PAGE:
• Hi SSC,

    Question for you, when a user runs an INSERT INTO ... SELECT * FROM ... statement I've noticed that IOReads take place before really any decent amount of IOWrites take place.

    What is SQL Server doing behind the scene? Is it loading the entire set of data pages from source table into memory before writing? I could see that being a problem if your buffer pool isn't larger than the table itself on disk...

    Thanks in advance for the insight!

  • The physical insert will start occurring as soon as the Insert Operator in the plan has rows.

    In some cases that will be pretty much immediate, but it needs to complete any blocking operators in the SELECT part of the plan prior to the first writes.

    For example, if you're doing a large insert into a clustered index, there will likely be a sort operator in the plan to put the output of the SELECT into the order of the index.

    A sort is a blocking operator and must be fully processed before it'll release rows to the next operator (in memory, or spilling to tempDB). There are also other blocking operators (e.g. Eager Spools etc.) which will effectively do the same.

    Then there are things like hash join operators, which have to scan one of the inputs fully before it'll start releasing any rows, so, in short, there'll often be plenty of reads before you start getting any writes into the target table.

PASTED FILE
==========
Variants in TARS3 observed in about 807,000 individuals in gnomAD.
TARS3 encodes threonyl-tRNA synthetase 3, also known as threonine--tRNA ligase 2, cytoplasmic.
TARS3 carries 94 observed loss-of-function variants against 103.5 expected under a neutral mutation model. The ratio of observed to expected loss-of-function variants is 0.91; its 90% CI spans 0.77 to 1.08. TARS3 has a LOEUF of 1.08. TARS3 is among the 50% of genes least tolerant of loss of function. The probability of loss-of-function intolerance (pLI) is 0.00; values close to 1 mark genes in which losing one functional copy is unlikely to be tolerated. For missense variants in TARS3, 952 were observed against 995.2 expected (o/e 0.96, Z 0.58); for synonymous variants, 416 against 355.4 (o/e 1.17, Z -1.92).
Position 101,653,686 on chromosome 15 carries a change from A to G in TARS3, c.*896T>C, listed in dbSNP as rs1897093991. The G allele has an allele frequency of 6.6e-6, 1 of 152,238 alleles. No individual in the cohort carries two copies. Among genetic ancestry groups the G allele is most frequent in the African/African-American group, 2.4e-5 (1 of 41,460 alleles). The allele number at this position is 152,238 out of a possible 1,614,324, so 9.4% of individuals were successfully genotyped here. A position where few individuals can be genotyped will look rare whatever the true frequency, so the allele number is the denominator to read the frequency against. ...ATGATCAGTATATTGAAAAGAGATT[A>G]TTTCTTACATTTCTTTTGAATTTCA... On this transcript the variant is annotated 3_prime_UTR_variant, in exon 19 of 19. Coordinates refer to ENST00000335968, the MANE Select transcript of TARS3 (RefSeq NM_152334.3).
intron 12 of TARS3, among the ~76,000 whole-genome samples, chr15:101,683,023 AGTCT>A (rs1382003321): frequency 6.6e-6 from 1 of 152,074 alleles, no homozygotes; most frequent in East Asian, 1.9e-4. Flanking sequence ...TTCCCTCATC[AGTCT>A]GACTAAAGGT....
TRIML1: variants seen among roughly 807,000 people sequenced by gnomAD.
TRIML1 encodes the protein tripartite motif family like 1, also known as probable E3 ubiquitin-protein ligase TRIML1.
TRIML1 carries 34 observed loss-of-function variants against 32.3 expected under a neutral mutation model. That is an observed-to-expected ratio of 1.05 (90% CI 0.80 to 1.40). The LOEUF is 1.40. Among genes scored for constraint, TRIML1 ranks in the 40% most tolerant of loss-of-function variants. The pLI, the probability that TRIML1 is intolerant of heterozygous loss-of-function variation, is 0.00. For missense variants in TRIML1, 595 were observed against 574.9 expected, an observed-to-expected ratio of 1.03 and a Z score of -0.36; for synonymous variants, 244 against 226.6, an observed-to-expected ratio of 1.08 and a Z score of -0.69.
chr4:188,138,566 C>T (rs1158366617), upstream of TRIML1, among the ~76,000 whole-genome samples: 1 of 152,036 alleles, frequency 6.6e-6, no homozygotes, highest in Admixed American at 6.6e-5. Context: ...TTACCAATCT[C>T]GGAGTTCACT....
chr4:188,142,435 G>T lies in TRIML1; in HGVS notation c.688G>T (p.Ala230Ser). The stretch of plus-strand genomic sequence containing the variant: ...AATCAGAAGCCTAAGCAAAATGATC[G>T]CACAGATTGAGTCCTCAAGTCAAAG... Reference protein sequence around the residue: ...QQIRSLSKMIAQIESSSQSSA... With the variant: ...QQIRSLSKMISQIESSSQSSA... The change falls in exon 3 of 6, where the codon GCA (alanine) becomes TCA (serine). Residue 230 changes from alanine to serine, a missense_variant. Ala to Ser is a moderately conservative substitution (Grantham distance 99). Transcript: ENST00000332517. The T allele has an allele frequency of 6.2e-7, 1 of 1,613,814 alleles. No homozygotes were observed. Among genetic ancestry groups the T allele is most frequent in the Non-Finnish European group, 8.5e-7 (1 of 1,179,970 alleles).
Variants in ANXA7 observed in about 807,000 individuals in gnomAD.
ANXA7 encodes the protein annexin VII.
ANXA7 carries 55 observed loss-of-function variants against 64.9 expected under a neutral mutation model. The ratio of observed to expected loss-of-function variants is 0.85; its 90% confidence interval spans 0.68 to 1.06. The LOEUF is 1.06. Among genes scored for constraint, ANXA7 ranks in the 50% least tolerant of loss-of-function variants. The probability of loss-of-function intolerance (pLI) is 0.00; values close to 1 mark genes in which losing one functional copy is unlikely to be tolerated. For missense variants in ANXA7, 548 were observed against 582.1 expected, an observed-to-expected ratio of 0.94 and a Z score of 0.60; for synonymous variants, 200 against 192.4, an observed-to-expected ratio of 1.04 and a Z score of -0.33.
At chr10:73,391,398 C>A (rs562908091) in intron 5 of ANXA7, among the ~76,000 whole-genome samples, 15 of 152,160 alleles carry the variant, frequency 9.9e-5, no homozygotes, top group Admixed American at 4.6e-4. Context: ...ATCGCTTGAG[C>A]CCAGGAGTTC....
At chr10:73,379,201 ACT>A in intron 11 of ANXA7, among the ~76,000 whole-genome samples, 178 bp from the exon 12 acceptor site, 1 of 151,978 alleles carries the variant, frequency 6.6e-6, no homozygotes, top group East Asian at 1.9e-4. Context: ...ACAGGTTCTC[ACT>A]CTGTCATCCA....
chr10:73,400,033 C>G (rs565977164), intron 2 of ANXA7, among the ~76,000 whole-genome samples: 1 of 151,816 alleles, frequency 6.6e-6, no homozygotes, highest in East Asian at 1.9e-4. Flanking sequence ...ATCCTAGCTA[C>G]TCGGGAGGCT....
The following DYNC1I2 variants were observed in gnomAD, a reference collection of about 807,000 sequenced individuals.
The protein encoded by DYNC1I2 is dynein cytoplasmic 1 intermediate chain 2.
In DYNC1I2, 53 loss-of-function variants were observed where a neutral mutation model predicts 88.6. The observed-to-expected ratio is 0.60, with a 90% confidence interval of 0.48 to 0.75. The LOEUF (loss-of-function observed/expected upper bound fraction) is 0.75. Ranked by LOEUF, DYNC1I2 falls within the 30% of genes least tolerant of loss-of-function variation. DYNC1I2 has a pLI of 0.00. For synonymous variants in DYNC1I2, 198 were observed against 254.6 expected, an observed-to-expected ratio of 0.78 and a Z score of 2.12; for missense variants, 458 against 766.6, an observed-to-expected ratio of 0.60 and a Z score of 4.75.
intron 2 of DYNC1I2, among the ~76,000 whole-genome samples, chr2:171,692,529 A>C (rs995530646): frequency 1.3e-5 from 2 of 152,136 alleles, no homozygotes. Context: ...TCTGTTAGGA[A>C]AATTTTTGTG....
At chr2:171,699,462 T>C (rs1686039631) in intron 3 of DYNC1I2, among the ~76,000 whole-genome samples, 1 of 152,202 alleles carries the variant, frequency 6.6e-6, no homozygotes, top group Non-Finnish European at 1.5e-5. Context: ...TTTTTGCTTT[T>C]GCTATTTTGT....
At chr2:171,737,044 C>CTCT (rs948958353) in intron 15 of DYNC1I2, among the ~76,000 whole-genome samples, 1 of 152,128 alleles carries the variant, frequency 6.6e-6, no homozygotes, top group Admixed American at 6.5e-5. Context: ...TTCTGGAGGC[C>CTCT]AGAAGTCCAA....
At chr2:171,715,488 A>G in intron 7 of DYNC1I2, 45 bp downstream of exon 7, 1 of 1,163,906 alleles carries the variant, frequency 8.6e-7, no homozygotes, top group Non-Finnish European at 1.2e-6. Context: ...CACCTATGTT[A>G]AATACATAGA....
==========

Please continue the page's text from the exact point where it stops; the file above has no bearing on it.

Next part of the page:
• Ah cool, thanks for the explanation, I appreciate the response!

    There is a clustered index on a single field for the destination table (and it's different than the clustered index of the source table) so based on what you shared it makes sense that its sorting records based on the order of the PK before doing this.

  • I just dug up the plan and sure enough you're correct HowardW!

    This is the plan:

    INSERT <---Clustered Index Insert <--- Sort <--- Compute Scalar <--- Compute Scalar <--- TOP <--- Clustered Index Scan

    I should have mentioned the SELECT portion had 2 case statements which shows up in the Computer Scalar operations. Luckily they are very low in cost (10 and 0%) vs. the Sort at 28.8% and the 57.9% Clustered Index Insert

    Very cool stuff, certainly my TIL (today I learned).

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